Mental Health Experts on Trial: Free Will and Determinism in the Courtroom
38 Pages Posted: 9 Jun 2013
Date Written: Fall 1997
Legal doctrines such as insanity, diminished capacity, and chemical dependency raise issues related to the mental health professions. While there may be many practical applications for the knowledge that social scientists uncover, one of the most important uses is in the courtroom. In a criminal case, the jury may need to establish the mental state of an individual to determine his or her level of culpability. In a tort case, the court may need to determine how a reasonable person would respond to a given stimulus. In a contract case, the judge may need to determine whether one of the signatories was fully competent. Courts routinely turn to mental health experts to try to answer such questions.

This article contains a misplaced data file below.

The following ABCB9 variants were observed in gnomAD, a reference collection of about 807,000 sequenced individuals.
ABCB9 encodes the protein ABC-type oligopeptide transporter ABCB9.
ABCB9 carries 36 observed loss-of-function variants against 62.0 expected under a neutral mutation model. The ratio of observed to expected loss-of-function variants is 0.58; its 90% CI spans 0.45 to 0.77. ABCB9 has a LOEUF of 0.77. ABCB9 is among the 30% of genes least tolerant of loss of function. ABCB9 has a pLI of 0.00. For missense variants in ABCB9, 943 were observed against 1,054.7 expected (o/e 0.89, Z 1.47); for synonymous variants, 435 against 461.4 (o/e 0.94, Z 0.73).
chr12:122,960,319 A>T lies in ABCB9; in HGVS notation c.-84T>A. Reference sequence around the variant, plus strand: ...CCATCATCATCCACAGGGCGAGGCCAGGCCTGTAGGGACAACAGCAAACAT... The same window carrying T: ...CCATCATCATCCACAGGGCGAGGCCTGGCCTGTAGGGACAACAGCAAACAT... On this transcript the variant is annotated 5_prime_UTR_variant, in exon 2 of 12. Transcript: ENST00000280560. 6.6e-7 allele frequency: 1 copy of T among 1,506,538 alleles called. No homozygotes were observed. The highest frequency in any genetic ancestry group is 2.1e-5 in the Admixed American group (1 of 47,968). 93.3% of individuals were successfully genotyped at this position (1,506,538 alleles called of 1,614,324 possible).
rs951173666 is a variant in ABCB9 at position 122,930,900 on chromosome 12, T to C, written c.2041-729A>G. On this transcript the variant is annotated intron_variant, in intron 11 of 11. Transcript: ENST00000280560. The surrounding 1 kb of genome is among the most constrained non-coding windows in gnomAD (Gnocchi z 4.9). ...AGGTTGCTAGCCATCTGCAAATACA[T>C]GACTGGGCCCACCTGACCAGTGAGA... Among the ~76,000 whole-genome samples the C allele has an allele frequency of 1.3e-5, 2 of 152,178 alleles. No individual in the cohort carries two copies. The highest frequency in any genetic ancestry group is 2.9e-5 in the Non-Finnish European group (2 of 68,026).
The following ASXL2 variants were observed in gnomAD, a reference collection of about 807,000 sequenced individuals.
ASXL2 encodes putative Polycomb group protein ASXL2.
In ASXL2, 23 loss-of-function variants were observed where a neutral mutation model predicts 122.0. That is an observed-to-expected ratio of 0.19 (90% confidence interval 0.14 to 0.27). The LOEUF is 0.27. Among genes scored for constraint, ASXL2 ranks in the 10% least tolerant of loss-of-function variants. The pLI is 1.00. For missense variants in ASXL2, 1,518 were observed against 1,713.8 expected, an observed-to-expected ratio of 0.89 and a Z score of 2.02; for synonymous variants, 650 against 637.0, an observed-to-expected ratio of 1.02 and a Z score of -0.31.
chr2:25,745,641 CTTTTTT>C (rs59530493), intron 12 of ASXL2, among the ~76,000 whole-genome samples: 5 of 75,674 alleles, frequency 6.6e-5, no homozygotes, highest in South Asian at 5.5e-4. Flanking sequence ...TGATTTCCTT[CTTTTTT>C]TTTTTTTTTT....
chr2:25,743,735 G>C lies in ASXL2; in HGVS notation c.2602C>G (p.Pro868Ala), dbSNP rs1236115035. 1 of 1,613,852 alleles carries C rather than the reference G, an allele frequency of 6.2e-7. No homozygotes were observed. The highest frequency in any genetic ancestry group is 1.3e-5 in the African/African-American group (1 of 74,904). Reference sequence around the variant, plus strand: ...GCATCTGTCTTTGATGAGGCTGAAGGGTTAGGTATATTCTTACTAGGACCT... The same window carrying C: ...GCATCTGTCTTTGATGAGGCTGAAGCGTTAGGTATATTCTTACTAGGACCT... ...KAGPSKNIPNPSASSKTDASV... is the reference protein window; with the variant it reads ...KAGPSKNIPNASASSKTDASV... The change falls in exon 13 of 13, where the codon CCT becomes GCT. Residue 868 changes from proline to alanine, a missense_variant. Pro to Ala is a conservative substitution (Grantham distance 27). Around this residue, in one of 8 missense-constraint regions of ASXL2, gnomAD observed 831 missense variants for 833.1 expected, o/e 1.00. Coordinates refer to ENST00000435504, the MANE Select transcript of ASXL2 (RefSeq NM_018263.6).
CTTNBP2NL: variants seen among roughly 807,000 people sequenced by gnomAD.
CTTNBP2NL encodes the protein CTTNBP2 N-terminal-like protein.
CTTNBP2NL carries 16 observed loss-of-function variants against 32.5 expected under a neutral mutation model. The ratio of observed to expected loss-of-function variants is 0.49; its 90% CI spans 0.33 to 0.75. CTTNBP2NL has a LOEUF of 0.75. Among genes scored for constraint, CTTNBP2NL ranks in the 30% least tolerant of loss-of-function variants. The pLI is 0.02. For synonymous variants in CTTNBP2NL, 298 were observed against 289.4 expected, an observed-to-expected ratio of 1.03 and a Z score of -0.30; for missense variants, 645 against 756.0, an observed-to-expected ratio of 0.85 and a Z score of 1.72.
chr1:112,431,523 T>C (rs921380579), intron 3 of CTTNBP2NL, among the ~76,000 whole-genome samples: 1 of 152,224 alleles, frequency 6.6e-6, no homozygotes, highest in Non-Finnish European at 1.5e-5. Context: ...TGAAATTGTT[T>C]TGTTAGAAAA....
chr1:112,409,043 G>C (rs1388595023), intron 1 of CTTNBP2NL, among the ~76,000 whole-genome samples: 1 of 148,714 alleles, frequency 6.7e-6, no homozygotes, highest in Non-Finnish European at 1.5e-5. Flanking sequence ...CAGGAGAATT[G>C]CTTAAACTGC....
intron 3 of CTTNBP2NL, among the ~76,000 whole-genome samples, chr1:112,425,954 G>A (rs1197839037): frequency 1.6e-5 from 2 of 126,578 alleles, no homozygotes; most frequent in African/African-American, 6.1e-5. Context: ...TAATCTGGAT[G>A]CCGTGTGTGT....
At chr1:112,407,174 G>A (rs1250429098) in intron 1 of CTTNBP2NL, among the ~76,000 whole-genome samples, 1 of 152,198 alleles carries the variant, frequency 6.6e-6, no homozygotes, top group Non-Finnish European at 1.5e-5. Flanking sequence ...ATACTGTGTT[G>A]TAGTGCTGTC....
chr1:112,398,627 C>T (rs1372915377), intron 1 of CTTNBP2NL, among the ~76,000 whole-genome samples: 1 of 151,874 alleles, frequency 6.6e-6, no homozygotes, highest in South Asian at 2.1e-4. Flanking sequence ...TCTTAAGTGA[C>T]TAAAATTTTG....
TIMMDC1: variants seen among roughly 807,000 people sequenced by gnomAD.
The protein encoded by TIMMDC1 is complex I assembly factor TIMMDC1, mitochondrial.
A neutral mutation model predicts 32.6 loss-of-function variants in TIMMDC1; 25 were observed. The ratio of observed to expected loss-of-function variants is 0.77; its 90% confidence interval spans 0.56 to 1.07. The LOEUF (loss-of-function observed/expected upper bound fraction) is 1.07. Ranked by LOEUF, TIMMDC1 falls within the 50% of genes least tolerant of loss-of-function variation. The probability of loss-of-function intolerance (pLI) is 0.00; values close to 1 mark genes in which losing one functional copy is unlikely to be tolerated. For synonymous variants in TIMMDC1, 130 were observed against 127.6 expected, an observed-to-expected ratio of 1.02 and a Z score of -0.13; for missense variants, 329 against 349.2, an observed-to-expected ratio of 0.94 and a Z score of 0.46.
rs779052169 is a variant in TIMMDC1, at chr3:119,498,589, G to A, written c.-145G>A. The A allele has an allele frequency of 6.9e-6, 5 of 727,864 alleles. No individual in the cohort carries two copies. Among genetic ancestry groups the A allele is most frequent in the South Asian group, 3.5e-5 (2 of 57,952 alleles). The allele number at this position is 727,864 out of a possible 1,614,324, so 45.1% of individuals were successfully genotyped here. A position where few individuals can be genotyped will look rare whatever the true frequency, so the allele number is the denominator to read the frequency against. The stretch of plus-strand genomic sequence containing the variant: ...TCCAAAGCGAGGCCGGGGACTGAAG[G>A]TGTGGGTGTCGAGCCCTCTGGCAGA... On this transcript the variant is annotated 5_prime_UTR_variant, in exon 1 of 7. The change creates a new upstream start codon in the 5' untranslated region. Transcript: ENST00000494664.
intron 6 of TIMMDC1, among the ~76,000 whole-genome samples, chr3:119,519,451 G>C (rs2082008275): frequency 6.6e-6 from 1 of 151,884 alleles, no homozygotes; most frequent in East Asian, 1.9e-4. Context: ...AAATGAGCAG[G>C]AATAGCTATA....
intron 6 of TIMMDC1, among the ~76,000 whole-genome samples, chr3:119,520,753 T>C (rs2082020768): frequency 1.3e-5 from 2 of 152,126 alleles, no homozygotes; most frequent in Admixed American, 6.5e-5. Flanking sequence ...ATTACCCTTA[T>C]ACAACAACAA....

When it comes to the issue of free will, however, experts in the social sciences, especially psychiatry and psychology, are not really expert. They tend either to dismiss the possibility of free will as a theory of behavior, or they are confused as to the proper definition of free will. To the modern psychologist, free will is an archaic remnant of a teleological view of human nature that has long since been disproved by modern science.
If the legal system is to deal responsibly with defenses and other claims based on the mental condition of defendants, then courts must develop a coherent approach that accords psychiatry and psychology their rightful status. The courts must also, however, demand that psychological and psychiatric expert witnesses function within the assumptions of the legal system.
Many, if not most, of the mental-health experts who appear before the court fail to serve the needs of justice. This can present serious difficulties to the judges and lawyers attempting to rely on mental health experts.
Keywords: teleology, free will, determinism, causes of behavior, Newtonian Basis of Modern Pschology
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